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Inexpensive Pumps Devised for Portable Labs-on-Chips

Hydraulic battery

‘Hydraulic battery’ shown here pumping fluid through a simple microchannel, with images taken 12 minutes apart. (Glenn Walker, North Carolina State University)

9 March 2017. An engineering lab developed an inexpensive pump without electric power for lab-on-a-chip devices, making these systems more portable for diagnostics. Researchers from a joint biomedical engineering lab at North Carolina State University and University of North Carolina describe the pumps in an article published in late February 2017 in the journal World Scientific Technology (free registration required).

The pumps are the work of the lab in Raleigh led by biomedical engineering professor Glenn Walker that studies microfluidic, or lab-on-a-chip devices for testing and patient monitoring. Among the devices in development by Walker and colleagues are chips to replicate the microenvironment or support system for cancerous tumors, and monitor parathyroid hormone levels among people with overactive thyroid glands. Microfluidic devices, however, require fluids to be pumped through the fine microchannels in their chips, which today also require power sources and control functions.

When microfluidic devices are used in a hospital or clinic, external power is not a problem. When taken into the field to the point of care, however, the pumping devices need a power source, such as batteries, that add weight, cost, and complexity to the systems. “Portability is important, because it makes new applications possible, such as diagnostic tools that can be used in the field,” says Walker in a North Carolina State statement. “Electric pumps, and tubing to connect them, are fine for a laboratory environment, but those aren’t easy to take with you.”

Providing power is only part of the problem. Pumping systems on microfluidic devices also need to start, stop, and adjust their flow rates on demand. The Carolina team calls its solution for these functions an hydraulic battery, another name for the capillary action of water through paper, where fluids such as blood are drawn into minute empty pores by their surface tension. In the team’s microfluidic pumps, the pores are 125 microns across, where 1 micron equals 1 millionth of a meter.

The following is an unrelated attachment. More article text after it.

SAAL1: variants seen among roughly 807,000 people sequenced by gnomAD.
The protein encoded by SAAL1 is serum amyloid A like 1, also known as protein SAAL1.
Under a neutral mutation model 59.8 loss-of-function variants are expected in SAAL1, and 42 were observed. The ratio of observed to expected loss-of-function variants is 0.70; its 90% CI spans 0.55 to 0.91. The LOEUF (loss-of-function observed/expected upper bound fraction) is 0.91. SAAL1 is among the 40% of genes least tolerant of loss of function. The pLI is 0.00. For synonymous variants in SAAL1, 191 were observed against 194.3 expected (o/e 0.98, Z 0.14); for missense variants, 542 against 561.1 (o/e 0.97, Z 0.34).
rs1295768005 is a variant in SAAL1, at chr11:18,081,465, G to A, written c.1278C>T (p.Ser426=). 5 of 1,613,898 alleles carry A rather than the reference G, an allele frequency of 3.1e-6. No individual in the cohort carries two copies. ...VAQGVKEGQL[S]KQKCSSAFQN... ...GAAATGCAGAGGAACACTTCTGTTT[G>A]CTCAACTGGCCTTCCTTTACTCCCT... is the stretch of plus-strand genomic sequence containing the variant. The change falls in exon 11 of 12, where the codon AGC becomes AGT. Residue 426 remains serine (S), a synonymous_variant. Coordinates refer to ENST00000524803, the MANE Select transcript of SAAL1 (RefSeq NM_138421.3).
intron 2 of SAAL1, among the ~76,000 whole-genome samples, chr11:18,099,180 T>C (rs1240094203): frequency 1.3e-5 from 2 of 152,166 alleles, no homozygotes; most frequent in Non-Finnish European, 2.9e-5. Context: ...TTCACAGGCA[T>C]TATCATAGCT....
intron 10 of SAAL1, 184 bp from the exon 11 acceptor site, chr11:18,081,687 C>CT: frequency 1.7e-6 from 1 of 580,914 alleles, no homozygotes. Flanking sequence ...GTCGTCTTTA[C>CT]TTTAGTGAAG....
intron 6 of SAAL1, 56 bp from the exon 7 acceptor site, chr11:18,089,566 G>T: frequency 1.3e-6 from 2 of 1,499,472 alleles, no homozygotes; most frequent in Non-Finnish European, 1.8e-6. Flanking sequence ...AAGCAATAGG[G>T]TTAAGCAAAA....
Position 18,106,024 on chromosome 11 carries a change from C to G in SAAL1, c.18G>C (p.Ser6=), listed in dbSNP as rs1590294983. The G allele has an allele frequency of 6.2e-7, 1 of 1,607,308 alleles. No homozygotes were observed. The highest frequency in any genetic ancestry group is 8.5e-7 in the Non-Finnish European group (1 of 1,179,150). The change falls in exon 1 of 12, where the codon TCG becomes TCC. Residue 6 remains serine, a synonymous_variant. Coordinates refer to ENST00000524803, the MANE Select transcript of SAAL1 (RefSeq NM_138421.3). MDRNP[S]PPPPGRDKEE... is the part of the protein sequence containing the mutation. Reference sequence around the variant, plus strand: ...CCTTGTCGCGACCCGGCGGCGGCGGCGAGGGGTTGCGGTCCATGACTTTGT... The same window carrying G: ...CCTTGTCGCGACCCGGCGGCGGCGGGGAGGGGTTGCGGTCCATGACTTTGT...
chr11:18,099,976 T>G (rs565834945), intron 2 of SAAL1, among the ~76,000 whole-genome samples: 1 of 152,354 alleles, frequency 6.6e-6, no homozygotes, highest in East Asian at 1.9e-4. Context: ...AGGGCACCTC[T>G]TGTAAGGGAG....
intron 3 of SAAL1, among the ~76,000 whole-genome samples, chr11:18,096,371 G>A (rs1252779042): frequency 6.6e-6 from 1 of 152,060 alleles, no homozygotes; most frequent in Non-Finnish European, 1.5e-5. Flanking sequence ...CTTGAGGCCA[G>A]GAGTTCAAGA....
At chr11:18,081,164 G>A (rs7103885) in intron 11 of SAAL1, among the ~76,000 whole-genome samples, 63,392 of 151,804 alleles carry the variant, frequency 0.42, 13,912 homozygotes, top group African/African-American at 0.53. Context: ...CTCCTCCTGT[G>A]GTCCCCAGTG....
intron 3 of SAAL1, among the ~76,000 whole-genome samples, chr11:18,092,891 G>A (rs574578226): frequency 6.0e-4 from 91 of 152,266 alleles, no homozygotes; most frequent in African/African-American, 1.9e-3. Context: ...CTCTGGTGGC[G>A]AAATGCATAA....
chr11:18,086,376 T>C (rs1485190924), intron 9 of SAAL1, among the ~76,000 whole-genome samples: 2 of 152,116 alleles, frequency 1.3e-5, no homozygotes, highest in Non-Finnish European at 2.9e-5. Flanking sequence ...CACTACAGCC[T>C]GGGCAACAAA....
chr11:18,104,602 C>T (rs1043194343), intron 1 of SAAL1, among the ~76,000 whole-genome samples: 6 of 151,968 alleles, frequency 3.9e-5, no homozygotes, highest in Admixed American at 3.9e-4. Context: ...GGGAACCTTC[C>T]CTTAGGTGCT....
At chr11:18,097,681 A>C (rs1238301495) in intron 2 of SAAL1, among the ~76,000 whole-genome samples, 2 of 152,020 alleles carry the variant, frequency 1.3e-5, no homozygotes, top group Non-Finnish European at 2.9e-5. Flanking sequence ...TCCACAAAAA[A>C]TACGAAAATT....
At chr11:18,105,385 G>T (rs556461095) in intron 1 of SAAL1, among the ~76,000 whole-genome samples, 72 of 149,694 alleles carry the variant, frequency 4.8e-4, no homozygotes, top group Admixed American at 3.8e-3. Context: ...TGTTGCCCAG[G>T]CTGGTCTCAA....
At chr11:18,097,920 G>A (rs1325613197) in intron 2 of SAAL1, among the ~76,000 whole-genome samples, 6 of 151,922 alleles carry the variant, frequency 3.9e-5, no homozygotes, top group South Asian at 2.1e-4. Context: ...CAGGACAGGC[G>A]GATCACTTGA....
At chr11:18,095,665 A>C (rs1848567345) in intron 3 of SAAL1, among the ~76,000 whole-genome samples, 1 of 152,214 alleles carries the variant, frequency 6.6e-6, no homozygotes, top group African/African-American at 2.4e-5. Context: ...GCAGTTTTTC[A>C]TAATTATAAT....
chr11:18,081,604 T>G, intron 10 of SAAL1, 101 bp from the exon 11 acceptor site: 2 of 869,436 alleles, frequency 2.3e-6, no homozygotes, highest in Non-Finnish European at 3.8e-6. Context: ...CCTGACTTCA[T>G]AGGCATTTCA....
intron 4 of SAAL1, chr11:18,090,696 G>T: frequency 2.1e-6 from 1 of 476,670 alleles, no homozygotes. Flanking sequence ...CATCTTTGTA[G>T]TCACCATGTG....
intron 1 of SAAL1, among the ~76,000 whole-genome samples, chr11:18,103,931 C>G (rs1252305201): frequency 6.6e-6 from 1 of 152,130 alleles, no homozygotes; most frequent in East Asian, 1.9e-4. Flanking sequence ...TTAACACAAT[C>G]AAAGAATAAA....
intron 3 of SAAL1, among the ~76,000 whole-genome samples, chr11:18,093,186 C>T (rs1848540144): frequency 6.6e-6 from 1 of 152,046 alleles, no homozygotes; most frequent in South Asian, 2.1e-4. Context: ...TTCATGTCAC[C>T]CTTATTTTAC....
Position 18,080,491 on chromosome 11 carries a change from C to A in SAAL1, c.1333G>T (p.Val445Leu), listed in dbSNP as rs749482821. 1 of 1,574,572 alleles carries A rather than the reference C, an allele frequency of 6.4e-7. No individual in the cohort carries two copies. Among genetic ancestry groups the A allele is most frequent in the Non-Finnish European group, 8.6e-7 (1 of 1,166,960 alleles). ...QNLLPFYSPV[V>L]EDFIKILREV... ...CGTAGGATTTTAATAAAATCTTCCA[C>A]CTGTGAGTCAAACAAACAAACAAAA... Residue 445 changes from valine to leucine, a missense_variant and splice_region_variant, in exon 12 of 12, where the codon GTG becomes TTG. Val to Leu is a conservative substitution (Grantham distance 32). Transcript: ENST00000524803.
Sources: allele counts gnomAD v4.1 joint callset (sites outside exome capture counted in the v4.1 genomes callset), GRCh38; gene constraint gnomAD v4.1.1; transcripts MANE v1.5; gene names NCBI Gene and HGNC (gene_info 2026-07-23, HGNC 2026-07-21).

Control functions are designed or programmed into the paper. Two-dimensional pores make it possible to turn pumps off and on by attaching or detaching the paper to the chip. But more complex functions can be programmed with three-dimensional designs, where individual paper pumps are stacked and integrated. In their paper, the team demonstrates various control functions of flow rates, including step changes, as well as ramping and oscillating flows.

The researchers designed the paper pump as an attachment to microfluidic chips, with its low cost as a highly desirable feature. The pump is made from commercial chromatography paper used to separate chemical components in the lab, with the sheets laminated to prevent evaporation. The team estimates those materials cost about $0.07 per pump. The low cost means it’s disposable, but its detachable nature also makes it possible to save the fluid sample in the paper for analysis later on.

The lab filed a patent application for the technology and is seeking industry partners to take the technology to market. “Our hydraulic battery is small, lightweight, very inexpensive, easy to connect to a device and disposable,” adds Walker. “We’re optimistic that it could make a difference in both public health and advancing fundamental research.”

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